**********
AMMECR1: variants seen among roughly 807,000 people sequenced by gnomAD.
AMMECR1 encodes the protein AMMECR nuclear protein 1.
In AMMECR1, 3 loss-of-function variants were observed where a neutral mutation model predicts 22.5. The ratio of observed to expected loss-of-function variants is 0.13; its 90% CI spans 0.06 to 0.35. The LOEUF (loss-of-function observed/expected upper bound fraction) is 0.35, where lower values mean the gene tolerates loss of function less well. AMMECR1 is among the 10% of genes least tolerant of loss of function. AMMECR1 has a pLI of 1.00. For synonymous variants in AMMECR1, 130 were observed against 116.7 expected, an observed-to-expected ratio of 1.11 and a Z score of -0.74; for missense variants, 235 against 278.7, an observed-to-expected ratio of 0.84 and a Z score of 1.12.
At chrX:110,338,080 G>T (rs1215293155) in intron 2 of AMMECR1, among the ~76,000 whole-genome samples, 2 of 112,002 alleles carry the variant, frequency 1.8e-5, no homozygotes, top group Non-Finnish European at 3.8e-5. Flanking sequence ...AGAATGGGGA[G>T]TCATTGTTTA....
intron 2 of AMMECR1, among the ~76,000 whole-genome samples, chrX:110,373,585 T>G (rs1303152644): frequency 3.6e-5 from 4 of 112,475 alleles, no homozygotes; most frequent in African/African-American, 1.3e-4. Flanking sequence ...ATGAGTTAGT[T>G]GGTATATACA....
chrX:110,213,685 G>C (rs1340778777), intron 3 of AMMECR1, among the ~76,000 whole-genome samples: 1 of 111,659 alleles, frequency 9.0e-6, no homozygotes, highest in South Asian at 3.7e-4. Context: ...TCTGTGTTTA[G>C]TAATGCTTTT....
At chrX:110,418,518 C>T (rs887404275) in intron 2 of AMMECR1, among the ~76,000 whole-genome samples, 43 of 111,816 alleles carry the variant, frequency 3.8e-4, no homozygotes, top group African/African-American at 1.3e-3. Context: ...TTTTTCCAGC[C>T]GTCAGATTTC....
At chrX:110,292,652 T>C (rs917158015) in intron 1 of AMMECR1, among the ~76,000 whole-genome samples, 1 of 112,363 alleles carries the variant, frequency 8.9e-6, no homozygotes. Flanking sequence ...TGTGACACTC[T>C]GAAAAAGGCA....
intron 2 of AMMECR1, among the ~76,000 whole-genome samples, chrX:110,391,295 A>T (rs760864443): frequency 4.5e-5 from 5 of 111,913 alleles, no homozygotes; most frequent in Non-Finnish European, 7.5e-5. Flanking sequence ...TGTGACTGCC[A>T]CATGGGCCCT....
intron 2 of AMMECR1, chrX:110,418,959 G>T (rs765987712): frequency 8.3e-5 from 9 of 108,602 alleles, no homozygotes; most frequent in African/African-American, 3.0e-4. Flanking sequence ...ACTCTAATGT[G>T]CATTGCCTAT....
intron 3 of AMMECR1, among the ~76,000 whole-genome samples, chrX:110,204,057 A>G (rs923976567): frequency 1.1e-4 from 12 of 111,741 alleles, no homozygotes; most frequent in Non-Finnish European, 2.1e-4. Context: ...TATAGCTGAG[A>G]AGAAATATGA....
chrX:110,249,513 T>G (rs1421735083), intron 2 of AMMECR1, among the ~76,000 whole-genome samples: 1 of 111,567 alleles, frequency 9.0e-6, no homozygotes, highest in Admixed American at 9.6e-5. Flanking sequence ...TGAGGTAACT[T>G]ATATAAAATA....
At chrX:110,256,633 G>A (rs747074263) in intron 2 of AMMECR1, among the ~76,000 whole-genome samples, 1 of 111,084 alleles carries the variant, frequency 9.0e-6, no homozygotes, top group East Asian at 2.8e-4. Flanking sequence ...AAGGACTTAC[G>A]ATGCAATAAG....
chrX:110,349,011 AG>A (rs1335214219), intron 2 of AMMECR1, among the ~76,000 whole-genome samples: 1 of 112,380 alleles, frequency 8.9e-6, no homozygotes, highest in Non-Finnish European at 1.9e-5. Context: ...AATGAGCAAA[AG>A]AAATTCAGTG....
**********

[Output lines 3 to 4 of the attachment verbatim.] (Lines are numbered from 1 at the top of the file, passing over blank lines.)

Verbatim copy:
In AMMECR1, 3 loss-of-function variants were observed where a neutral mutation model predicts 22.5. The ratio of observed to expected loss-of-function variants is 0.13; its 90% CI spans 0.06 to 0.35. The LOEUF (loss-of-function observed/expected upper bound fraction) is 0.35, where lower values mean the gene tolerates loss of function less well. AMMECR1 is among the 10% of genes least tolerant of loss of function. AMMECR1 has a pLI of 1.00. For synonymous variants in AMMECR1, 130 were observed against 116.7 expected, an observed-to-expected ratio of 1.11 and a Z score of -0.74; for missense variants, 235 against 278.7, an observed-to-expected ratio of 0.84 and a Z score of 1.12.
At chrX:110,338,080 G>T (rs1215293155) in intron 2 of AMMECR1, among the ~76,000 whole-genome samples, 2 of 112,002 alleles carry the variant, frequency 1.8e-5, no homozygotes, top group Non-Finnish European at 3.8e-5. Flanking sequence ...AGAATGGGGA[G>T]TCATTGTTTA....